Growth and identification of bacterial isolates         
Pseudomonas aeruginosa strain KRK6 was grown in CPME containing Kings A medium, was used for the further study and the GenBank accessionnumber of the isolated P. aeruginosa strain KRK6 was HM366592.1.
Cardenolides from CPME
The preliminary HPLC analysis confirmed the presence of cardenolides in the medium (Fig 1 A, B and C). The major cardenolides observed in CPME were digoxin and strophanthin (Fig 1 D and E) and the bio-transformed cardenolides were  presented in Fig 1 B, C and D).

Fig 1: (a) HPLC spectra of calotropis methanolic extract for bacterial growth (b) the modification in cardenolides, (c), (d) and (e) cardenolides separated from growth medium of Pseudomonas P6. Mobile phase Acetonitrile: water a) b) c) 60:40, d) 80:20; e) 40:60.

ESI-MS/MS analysis
The biotransformed cardenolides by Pseudomonas aeruginosa strain KRK6 identified from CPME were digoxin and K-strophanthin. The main product of microbial transformation of Digoxin was reported to be D1 and the the principal bioconversion products of K-strophanthin was S1.

The main biotransformation products obtained from CPME by Pseudomonas sp. were D1 (18.0%), D2 (10.6%), S1 (5.8%), H1 (3.9%) and H2 (3.2%) (Fig S1 to 4). The experimental work suggested that microbial transformation of cardenolides with Pseudomonas sp. caused an oxidation reaction that resulted in more cytotoxic products.  Similarly, the biotransformation of compounds like veraguensin, galbelgin and galgravin was reported for more bioactive derivatives. In addition, Kasahara et al., (1997) reported biotransformation by fungal isolates were achieved by the substitution of functional groups .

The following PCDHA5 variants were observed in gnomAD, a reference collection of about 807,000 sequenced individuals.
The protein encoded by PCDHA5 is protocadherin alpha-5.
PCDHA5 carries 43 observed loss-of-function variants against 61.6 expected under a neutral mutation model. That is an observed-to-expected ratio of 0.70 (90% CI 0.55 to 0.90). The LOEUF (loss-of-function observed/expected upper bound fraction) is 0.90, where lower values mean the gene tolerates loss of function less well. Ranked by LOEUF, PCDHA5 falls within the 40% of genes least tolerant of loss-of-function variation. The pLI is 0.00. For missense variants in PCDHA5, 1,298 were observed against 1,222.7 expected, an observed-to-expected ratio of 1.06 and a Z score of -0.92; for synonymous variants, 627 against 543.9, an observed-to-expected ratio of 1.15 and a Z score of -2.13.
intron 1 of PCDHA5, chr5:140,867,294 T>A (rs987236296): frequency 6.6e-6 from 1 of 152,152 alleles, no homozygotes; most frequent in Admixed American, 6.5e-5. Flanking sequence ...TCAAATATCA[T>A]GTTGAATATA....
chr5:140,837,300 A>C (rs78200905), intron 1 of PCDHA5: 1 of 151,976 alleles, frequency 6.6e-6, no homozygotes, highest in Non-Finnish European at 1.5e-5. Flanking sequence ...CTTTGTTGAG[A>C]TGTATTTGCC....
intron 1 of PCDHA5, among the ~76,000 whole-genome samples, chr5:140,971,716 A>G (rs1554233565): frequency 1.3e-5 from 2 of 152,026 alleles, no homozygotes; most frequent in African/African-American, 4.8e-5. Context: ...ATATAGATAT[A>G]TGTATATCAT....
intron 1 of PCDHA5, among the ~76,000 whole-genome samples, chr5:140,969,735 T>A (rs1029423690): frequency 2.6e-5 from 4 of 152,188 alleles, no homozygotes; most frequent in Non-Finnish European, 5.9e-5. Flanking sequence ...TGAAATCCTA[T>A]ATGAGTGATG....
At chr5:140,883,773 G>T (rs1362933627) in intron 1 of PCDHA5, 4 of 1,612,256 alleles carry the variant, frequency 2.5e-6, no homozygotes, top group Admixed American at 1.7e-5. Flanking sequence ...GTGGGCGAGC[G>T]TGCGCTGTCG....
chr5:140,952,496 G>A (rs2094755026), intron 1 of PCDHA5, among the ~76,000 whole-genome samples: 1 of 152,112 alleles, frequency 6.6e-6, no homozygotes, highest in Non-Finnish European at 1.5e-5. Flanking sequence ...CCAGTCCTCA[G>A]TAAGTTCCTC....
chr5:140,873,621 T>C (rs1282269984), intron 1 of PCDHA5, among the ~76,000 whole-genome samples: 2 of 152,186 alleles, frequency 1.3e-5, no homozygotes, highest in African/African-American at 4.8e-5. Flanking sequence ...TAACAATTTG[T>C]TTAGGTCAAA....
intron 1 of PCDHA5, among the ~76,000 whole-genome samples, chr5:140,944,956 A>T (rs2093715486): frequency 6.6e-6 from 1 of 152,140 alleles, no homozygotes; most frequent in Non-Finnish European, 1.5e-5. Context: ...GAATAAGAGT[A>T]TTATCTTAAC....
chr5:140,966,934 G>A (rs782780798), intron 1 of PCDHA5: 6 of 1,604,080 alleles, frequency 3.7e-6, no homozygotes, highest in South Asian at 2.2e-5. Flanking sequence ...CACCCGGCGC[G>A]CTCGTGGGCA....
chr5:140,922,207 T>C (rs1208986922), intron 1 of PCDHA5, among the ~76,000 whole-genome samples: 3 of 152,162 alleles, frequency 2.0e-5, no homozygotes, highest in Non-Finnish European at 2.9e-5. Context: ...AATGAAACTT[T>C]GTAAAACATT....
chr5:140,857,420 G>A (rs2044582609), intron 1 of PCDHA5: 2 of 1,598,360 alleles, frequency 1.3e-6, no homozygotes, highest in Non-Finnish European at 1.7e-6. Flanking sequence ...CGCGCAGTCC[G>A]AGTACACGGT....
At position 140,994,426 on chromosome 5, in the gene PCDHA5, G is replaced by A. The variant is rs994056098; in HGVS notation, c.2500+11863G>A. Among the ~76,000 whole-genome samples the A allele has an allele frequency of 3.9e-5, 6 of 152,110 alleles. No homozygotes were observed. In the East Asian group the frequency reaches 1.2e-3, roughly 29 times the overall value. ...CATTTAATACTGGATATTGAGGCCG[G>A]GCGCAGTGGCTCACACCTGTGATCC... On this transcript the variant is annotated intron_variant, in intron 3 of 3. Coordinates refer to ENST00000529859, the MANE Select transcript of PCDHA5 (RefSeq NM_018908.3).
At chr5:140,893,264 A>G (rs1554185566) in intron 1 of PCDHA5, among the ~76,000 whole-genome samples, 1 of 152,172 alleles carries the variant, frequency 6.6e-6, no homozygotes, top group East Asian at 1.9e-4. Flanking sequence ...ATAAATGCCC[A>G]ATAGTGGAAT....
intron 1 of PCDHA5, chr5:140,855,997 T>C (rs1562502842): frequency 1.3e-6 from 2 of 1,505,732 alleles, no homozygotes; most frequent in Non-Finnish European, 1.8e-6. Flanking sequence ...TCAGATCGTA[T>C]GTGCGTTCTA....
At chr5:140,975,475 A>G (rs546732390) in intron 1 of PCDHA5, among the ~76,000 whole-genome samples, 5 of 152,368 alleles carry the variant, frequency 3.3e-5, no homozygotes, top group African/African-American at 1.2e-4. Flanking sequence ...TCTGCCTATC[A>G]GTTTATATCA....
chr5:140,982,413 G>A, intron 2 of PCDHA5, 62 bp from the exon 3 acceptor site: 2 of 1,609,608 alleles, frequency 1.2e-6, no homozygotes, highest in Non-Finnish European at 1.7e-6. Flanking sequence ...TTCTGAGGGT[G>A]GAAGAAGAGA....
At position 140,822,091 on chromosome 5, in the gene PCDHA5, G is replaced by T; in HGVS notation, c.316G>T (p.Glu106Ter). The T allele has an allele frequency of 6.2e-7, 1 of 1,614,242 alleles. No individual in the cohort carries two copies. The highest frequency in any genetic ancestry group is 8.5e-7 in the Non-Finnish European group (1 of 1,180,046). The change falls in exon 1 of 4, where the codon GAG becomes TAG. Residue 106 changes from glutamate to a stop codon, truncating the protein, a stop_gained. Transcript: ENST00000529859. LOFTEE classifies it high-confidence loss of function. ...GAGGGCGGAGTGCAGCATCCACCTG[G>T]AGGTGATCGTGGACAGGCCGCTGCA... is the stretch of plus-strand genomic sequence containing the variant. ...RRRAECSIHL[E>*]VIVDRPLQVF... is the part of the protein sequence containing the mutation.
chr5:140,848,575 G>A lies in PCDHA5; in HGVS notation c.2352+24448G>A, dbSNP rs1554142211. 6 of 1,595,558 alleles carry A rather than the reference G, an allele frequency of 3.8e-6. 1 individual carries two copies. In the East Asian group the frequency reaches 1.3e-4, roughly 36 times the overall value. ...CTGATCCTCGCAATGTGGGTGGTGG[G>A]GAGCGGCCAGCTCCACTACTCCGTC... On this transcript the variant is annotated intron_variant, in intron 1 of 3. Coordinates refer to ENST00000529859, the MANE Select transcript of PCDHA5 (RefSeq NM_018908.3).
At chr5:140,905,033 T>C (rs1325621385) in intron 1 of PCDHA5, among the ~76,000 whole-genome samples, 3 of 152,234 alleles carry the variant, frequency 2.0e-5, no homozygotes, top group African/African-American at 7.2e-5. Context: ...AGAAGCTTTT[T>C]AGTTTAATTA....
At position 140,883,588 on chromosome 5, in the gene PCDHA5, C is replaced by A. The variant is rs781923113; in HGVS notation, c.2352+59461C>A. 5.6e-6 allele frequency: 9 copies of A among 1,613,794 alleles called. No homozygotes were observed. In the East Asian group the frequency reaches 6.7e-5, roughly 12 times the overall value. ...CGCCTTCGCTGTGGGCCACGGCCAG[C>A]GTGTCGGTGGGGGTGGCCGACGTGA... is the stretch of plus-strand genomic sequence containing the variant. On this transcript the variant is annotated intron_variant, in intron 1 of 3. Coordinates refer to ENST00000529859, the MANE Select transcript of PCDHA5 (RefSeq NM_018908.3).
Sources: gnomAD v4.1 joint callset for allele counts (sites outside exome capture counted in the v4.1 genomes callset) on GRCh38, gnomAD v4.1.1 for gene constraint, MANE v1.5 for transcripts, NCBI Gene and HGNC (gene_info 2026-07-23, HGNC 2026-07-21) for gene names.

Growth inhibitory effect of CPMEP6 extract on MCF-7 and T-47D breast cancer cells
To examine the anti-proliferative action of CPMEP6 on breast cancer cells, the cells were treated with CPMEP6 for 24 h and growth inhibition was assessed by MTS assay. It was evident from our present investigation that exposure of the two breast cancer cell lines to CPMEP6, reduces the cellular viability in concentration and time-dependent manners. CPMEP6 at concentrations of 0, 1, 2, 4, 8, 10 μg/mL caused a dose- and time-dependent decrease of cell viability with IC50 value of 6.3±0.6 (MCF-7) and 10 ±1 μg/mL (T-47D) cells. As shown in Fig 2, CPMEP6 (10 μg/mL) caused a 50±4% and 51.3±2.2 % population of apoptotic   in MCF-7 and T-47D cells, respectively, as compared to the controls. Based on the determined IC50 for each cell line, it appears that T-47D and MCF-7 cells exhibit a greater sensitivity to CPMEP6 compared to the CPME or Paclitaxel. In addition, cytotoxicity results indicated a higher sensitivity of MCF-7 and T-47D cells to CPMEP6 than CPME.